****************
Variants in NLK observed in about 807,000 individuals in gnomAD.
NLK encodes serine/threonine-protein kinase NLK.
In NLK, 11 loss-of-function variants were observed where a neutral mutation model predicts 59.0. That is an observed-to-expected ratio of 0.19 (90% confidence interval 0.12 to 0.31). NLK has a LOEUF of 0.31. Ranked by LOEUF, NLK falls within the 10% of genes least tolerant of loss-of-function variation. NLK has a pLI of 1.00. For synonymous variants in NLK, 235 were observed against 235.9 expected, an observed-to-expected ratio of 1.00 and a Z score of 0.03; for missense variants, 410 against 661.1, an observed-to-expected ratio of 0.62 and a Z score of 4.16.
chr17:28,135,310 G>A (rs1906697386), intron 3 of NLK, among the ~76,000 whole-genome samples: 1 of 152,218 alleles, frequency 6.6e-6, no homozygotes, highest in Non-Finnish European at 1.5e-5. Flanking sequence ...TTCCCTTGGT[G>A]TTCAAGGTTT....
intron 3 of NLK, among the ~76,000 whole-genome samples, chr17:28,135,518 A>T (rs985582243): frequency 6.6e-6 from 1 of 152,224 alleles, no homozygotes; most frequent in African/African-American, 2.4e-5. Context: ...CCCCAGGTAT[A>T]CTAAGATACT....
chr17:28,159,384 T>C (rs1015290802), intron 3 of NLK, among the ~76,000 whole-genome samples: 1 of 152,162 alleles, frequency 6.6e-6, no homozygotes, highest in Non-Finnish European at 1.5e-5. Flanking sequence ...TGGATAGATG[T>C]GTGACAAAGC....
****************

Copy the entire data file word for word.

Variants in NLK observed in about 807,000 individuals in gnomAD.
NLK encodes serine/threonine-protein kinase NLK.
In NLK, 11 loss-of-function variants were observed where a neutral mutation model predicts 59.0. That is an observed-to-expected ratio of 0.19 (90% confidence interval 0.12 to 0.31). NLK has a LOEUF of 0.31. Ranked by LOEUF, NLK falls within the 10% of genes least tolerant of loss-of-function variation. NLK has a pLI of 1.00. For synonymous variants in NLK, 235 were observed against 235.9 expected, an observed-to-expected ratio of 1.00 and a Z score of 0.03; for missense variants, 410 against 661.1, an observed-to-expected ratio of 0.62 and a Z score of 4.16.
chr17:28,135,310 G>A (rs1906697386), intron 3 of NLK, among the ~76,000 whole-genome samples: 1 of 152,218 alleles, frequency 6.6e-6, no homozygotes, highest in Non-Finnish European at 1.5e-5. Flanking sequence ...TTCCCTTGGT[G>A]TTCAAGGTTT....
intron 3 of NLK, among the ~76,000 whole-genome samples, chr17:28,135,518 A>T (rs985582243): frequency 6.6e-6 from 1 of 152,224 alleles, no homozygotes; most frequent in African/African-American, 2.4e-5. Context: ...CCCCAGGTAT[A>T]CTAAGATACT....
chr17:28,159,384 T>C (rs1015290802), intron 3 of NLK, among the ~76,000 whole-genome samples: 1 of 152,162 alleles, frequency 6.6e-6, no homozygotes, highest in Non-Finnish European at 1.5e-5. Flanking sequence ...TGGATAGATG[T>C]GTGACAAAGC....